27th March 2017. Vila Vicosa and Elvas, Portugal.

It was a lovely start to the day, the sun was out, I saw birds of prey circling in the sky, the stork decided to land on the beach in front of us and we saw something very rare indeed in this neck of the world….. A DOG WALKER!  The dog was having a wonderful time, I wonder whether he’d missed his walk yesterday because of the rain.  We were sad to leave, we’d intended going up to see the castle at Terena but we ended up leaving late due to a toilet malfunction.  Darren went to change the toilet cassette but it was stuck fast, he pulled it so hard that the saucepan of water I was boiling slopped on to the hob as the van rocked about.  It took him ages to free it so I took the opportunity to do a bit of ‘housework’.

Our first stop, Vila Vicosa was only 15 minutes away but the change in landscape was astounding, there were slag heaps of white rock in the distance and when we got closer we could see it was scraps of marble.  We found the car park and were amazed to see that the gravel was actually small bits of marble.

As we walked into the town everywhere we looked there was marble, it was used for the zebra crossing, paving, curbs and to decorate all the houses even though a lot of them were in a state of disrepair.  It was quite strange and wonderful to see stone that is very expensive in the UK being used for general purposes out here.

As usual we weren’t sure where we were going so we wandered around the town until we caught sight of a castle and even more importantly a restaurant called Restauracao Vilavicosa where we had a gorgeous meal. For desert we had a regional desert, that’s all the information we had when we chose it, when it turned up it was in a pretty paper parcel tied up with a bow.  We think the cake inside was made from almonds but whatever the ingredients were it was very tasty and I’m glad we chose it.

Fortuitously the restaurant had wi-fi so we tracked down the places we wanted to visit and set off to find the Paco Ducal.  The first thing we came to was a beautiful church, we spent a while admiring that then wandered round the corner to the huge plaza where the Paco Ducal is situated.  It was wonderful, unfortunately it was closed because it was Monday but fortunately that meant that most of the time we were wandering around the square on our own.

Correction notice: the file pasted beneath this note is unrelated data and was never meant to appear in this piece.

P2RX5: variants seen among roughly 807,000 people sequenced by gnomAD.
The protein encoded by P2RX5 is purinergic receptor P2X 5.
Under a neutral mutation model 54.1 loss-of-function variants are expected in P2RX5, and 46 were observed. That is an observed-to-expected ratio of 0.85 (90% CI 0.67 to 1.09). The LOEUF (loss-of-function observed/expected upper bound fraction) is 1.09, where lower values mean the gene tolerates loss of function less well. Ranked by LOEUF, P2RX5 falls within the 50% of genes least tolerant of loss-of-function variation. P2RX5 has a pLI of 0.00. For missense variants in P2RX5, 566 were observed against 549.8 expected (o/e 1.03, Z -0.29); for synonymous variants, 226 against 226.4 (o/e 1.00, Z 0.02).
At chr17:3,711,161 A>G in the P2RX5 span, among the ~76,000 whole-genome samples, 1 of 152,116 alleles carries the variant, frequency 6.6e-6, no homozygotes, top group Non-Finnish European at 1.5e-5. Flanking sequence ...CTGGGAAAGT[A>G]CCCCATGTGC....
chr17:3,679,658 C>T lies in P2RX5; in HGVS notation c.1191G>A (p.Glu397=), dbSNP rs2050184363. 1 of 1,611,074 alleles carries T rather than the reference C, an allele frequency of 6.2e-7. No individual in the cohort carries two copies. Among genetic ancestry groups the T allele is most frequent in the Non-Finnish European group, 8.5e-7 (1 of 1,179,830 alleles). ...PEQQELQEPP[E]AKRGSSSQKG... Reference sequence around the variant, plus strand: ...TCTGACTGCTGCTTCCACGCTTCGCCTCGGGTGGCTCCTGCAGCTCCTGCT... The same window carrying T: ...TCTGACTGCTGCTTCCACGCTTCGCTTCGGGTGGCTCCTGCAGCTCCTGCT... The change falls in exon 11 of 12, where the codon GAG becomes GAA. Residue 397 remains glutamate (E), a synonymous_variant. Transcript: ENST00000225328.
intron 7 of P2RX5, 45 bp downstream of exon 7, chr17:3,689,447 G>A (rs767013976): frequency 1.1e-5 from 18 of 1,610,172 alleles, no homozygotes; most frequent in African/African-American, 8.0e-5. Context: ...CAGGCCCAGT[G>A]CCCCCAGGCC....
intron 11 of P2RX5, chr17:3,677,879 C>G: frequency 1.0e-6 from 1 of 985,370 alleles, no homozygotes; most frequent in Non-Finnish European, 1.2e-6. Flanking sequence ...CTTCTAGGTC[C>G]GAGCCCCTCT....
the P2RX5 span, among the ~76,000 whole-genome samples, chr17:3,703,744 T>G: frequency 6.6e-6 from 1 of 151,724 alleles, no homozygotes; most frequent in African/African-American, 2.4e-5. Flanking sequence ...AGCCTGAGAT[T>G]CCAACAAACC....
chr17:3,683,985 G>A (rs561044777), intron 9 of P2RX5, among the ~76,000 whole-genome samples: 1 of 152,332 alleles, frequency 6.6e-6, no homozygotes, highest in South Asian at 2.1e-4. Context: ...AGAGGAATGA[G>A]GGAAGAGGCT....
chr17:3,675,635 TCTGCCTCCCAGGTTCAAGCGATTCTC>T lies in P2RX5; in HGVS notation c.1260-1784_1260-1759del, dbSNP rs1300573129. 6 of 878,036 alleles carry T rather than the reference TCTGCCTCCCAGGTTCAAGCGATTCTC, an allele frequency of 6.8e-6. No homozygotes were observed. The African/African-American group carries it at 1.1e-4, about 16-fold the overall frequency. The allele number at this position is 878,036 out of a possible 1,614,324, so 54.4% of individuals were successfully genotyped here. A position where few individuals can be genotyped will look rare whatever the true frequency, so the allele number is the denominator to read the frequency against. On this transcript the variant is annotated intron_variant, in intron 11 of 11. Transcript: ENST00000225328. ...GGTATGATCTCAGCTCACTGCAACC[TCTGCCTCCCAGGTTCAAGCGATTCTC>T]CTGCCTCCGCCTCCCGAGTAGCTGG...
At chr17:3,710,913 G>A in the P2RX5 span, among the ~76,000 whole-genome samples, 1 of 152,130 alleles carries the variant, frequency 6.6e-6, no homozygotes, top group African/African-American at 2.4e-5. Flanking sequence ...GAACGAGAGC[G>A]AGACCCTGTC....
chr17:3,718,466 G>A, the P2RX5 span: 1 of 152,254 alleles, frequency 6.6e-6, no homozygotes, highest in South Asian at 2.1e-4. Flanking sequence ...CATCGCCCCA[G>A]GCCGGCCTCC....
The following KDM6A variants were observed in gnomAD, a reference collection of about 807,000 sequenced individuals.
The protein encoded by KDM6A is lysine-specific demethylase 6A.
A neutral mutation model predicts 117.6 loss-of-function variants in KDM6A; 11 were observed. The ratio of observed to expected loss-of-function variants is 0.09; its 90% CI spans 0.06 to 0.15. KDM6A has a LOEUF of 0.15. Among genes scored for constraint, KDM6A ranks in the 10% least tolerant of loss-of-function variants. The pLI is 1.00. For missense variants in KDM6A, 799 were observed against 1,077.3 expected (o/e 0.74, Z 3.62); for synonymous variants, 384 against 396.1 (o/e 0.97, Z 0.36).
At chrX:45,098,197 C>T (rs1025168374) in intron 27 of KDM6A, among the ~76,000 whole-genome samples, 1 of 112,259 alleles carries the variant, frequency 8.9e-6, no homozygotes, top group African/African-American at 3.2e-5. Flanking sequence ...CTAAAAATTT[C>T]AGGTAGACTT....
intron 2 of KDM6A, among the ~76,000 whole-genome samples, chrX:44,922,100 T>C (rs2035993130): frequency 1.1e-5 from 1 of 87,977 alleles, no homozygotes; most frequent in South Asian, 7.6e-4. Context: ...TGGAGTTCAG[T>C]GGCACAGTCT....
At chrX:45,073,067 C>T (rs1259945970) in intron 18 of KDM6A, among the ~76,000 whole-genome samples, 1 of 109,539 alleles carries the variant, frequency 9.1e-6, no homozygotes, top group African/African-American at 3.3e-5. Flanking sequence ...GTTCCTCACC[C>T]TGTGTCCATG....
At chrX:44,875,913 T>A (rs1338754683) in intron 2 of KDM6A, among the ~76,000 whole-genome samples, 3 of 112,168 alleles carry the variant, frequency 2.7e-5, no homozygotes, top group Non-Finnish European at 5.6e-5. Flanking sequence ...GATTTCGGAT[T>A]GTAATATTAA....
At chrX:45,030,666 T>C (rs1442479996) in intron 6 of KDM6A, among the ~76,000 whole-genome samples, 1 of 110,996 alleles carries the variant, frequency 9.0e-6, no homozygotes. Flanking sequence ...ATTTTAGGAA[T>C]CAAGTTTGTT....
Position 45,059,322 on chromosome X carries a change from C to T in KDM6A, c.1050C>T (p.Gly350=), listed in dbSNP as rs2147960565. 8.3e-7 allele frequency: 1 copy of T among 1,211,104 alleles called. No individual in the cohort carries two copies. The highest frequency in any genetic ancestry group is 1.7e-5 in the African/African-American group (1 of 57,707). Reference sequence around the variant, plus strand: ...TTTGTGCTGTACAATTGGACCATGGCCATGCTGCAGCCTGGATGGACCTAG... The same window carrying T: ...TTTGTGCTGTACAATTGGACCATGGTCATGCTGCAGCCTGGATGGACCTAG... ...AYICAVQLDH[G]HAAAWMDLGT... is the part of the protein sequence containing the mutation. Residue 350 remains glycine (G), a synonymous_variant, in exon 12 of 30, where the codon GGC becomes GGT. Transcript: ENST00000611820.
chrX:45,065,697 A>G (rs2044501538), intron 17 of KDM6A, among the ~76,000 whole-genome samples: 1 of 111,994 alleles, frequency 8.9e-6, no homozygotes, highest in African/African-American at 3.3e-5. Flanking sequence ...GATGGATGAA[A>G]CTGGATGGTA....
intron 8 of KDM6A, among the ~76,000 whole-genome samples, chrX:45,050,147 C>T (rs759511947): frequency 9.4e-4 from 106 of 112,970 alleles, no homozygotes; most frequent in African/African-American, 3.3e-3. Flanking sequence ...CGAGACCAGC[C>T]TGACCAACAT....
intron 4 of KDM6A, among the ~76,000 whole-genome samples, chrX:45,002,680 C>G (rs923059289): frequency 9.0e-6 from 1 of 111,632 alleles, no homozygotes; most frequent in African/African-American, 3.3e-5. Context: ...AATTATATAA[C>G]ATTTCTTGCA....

We stayed there until it started spitting with rain when we made our way to the castle, en route we saw the unexpected sight of a swan and two Muscovy ducks in a tiny pool with a tiny ‘cave’ in a little ‘mountain’ fountain!  By the time we got to the castle it was raining heavily and then as if by magic the rain stopped and the sun came out.

The castle looked in very good repair, we were rather surprised, therefore, to walk up to the castle gate and the first thing we saw through it was a terrace of houses with the end house partially demolished! (read falling down).We enjoyed walking around the lanes inside the castle walls.  There were some extremely fancy mausoleums in the cemetery and the church beside it looked beautiful.  We’ll definitely have to come back and have a proper tour around Portugal.

We were running out of time so we went back to the van and drove to Elvas.

We popped into Intermarche briefly to empty and refill the van then went to the car park that we’d been told was beside a Roman aquaduct.  OH MY GOD!  We had been mightily impressed by the aquaduct at Montpellier but this one knocks it into a ‘cocked hat’.  We couldn’t believe our eyes, although we’d seen the photos seeing it in real life made us feel so small.  It doesn’t seem possible that something like this was built and has remained standing for such a long period of time, what superb engineering skills.

We had a short walk (made shorter when it started raining) and a Brazilian lady stopped to chat and tell us a bit about the aquaduct.  Funnily enough none of us hung around once the rain started.

It was quite a sight watching the sun set over the aquaduct and getting glimpses of pink sky through the arches.

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